management and psychology guidelines in later chapters.
• Successful traders keep a low profile.
• Successful traders “listen” to the markets. Unsuccessful traders attempt
to impose their will on the market.

Trading Tactics
This chapter is a potpourri of topics that collectively will determine your
trading style. Style is what criteria you use to make selections in various
areas of trading. A trading style does not develop out of the blue but will
emerge as you make your first trades. But now is a good time to begin thinking
about these intangibles. Once you start trading, continue to think about your
trading style from time to time. Giving yourself feedback on an ongoing basis is
the best way to stay fresh and avoid getting in a rut or just plain going nuts from
watching the markets.
Trading Strategy
Trading successfully is by no means a simple matter. It requires time, market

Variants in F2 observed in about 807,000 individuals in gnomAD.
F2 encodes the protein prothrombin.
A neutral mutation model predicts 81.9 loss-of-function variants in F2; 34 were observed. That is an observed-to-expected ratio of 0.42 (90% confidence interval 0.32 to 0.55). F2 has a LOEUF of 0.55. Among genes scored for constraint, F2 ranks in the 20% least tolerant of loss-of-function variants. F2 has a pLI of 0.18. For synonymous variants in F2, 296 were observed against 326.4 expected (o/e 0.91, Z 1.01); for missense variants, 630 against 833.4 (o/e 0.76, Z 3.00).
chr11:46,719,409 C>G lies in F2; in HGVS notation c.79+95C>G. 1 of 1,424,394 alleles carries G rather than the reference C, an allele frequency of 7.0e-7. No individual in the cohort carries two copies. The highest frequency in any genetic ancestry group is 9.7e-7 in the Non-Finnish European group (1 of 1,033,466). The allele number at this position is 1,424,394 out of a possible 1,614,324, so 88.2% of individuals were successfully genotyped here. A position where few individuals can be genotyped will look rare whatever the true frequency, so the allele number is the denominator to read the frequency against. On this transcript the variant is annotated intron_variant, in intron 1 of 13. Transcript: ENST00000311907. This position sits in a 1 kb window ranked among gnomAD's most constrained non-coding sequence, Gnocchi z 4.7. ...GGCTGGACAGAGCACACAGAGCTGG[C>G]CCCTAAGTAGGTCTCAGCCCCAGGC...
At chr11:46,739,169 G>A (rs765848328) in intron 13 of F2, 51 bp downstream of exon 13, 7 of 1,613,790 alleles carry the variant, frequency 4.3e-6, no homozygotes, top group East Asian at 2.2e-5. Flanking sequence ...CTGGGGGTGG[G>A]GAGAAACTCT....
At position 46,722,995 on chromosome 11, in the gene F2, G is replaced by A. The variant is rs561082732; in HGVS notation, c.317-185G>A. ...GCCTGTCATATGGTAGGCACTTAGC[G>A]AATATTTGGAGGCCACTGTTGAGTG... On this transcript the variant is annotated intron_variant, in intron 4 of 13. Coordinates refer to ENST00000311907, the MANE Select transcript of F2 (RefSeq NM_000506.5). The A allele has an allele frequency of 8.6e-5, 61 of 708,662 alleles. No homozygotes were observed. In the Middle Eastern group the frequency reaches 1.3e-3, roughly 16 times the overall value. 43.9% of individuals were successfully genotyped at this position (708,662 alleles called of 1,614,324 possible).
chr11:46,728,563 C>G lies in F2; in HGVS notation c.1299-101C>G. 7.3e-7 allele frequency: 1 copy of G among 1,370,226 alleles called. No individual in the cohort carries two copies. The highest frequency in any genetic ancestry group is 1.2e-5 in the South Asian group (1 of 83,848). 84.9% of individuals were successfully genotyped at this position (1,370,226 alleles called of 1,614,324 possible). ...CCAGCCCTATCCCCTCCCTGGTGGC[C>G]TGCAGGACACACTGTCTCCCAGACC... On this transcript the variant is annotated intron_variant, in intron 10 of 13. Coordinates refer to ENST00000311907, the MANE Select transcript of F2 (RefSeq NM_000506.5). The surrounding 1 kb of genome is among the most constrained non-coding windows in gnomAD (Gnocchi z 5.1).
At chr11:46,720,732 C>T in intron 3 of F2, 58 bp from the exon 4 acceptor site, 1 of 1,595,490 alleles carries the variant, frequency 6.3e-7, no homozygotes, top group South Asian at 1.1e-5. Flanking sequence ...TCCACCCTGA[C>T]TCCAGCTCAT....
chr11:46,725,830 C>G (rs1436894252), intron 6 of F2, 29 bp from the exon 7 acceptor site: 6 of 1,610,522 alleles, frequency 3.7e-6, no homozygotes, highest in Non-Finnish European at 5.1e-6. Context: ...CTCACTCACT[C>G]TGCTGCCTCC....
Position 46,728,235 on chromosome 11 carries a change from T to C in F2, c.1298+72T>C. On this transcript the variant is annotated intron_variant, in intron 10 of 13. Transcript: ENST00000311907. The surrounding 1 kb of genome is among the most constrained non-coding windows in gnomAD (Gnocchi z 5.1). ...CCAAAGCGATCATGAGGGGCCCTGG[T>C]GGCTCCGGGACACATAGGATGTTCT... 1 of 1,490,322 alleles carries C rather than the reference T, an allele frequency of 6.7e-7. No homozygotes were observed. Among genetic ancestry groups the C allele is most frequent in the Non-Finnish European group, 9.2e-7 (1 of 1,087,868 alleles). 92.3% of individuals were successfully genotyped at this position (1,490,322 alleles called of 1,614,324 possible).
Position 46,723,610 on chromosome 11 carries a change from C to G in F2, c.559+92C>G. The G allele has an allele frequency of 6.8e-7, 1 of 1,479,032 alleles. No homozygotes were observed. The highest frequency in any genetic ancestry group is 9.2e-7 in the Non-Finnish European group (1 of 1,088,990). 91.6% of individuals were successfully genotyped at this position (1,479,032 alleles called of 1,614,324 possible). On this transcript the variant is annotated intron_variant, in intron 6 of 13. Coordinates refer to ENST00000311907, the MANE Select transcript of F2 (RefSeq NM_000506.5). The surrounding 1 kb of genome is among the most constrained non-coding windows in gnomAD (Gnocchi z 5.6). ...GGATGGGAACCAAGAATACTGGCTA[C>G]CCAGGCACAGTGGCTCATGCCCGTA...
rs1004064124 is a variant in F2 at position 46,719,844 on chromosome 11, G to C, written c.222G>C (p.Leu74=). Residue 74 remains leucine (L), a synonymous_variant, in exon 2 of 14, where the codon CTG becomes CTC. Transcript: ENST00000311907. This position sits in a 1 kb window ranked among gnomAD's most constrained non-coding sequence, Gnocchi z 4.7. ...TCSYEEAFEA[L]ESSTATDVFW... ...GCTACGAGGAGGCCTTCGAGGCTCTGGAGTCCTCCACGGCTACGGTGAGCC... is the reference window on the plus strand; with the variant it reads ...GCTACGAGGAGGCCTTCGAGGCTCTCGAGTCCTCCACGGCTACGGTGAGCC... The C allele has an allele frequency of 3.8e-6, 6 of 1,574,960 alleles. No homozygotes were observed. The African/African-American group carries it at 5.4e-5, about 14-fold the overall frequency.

knowledge, market understanding, and a large amount of self-restraint. Anyone
who says you can consistently make money in foreign exchange markets is being
untruthful. Foreign exchange is by nature a volatile market. The practice of
trading it by way of margin increases that volatility geometrically.
We are therefore talking about a very fast market that is naturally inconsistent.
Following that precept, it is logical to say that in order to make a successful
trade, a trader has to take into account technical and fundamental data
and make an informed decision based on his or her perception of market sentiment
and market expectation. Timing a trade correctly is probably the most
important aspect of trading successfully, but invariably there will be cases where
a trader’s timing is off. A successful trader does not expect to generate returns on
every trade.
Let’s examine what a trader needs to do in order to increase his or her
chances for profitable trades.
Trade with Money You Can Afford to Lose
Trading FOREX markets is speculative and can result in losses. It is also exciting,
exhilarating, and can be addictive. The more you are involved with your
money, the harder it is to make a clear-headed decision. Money you have earned